As a people, the diversity of Nigerians has always strengthened their unity. All have cherished freedom of self-development and actualisation. In that diversity, all tribes and tongues have been united in their deference to age. Respect for constituted and legitimate authority are very Nigerian. Nigerians are accustomed to playing the Good Samaritan under any circumstance, providing shelter, security, food and clothing for those in need. Pluralism is an accepted norm and has always allowed for mutual co-existence.

Unfortunately, those in power take modernity as the end of development and in the process repress the social experience. The result is, as the late eminent Nigerian social scientist Claude Ake once put it, “…we cannot determine how we are, who we are, or for that matter, why we are. We are dissipated in incessant rivalry. Our society is a contested terrain from which everyone takes and no one gives. One effect of this is that our prospect for material progress is irreparably injured by a firmly entrenched distribute mentality.”

Nigeria, of course, has strengths and weaknesses. Corruption; a certain mindset of the country as a no-man’s land, vast, rich and just there to be plundered; or the view of the country as an already-baked cake which no one seeks to preserve for the future but to be shared today without scruples – these are the nation’s greatest weaknesses, the ones that breed the question “who cares?”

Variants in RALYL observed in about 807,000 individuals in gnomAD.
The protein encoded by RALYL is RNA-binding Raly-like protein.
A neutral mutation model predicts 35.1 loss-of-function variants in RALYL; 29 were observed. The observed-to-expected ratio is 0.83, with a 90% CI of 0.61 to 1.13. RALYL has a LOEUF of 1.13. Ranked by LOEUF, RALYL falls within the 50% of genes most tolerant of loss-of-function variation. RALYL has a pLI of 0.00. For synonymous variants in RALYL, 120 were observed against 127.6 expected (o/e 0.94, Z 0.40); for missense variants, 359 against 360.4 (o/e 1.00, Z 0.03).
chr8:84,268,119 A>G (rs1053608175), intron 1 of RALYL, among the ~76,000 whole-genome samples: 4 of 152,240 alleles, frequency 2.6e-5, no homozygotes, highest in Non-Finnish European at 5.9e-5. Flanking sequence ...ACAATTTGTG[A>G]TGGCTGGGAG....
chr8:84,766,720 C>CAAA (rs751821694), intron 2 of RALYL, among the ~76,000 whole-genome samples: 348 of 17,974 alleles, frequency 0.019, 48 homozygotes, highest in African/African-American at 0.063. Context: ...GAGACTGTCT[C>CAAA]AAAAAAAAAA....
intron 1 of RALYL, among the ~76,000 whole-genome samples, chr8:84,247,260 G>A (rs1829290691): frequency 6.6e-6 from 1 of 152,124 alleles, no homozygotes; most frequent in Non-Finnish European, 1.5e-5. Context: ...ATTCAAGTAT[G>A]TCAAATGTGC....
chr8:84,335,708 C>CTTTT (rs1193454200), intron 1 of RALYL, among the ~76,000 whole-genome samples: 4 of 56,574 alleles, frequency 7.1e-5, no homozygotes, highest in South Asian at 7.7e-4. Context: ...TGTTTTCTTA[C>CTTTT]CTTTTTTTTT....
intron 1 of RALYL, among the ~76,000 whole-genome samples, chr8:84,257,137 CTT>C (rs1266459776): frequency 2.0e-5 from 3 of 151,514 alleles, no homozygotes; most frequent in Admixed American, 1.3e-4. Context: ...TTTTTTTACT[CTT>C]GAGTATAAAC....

The nation’s strengths, however, are inherent in its values, apart from the enormous natural resources with which Nigeria is endowed. At this point, these values as strength must be restored and these resources must be harnessed on a sustainable level for the sake of today and tomorrow. What is required is patriotism and nationalism to nurture Nigeria. Patriotism entails love for one’s country, which propels one to do something to protect and grow the country. Nationalism enables the former by the inclusion of a political super-structure for the realisation of the love of one’s country.

These values are required at no other time than now. These times do not allow for a revolting denial of responsibility of Nigeria, a child in distress and one that must be cared for.

Reach me on Twitter @jonathanugiagbe

photo credit: Wahlkampf in Nigeria 2015 via photopin (license)
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About me: I am an easy-going person who takes people for who they are regardless. I like reading, travelling and table tennis.
My objective is to work with existing staff and facilities, contributing the best of my ability and quota so as to improve organisational objectives and achieve management goals and targets.  Currently, am a blogger and a web designer.
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Opinions expressed in this article are those of the author and do not necessarily represent the views of the Commonwealth Youth Programme. Articles are published in a spirit of dialogue, respect and understanding. If you disagree, why not submit a response?

To learn more about becoming a Commonwealth Correspondent please visit: http://www.yourcommonwealth.org/submit-articles/commonwealthcorrespondents/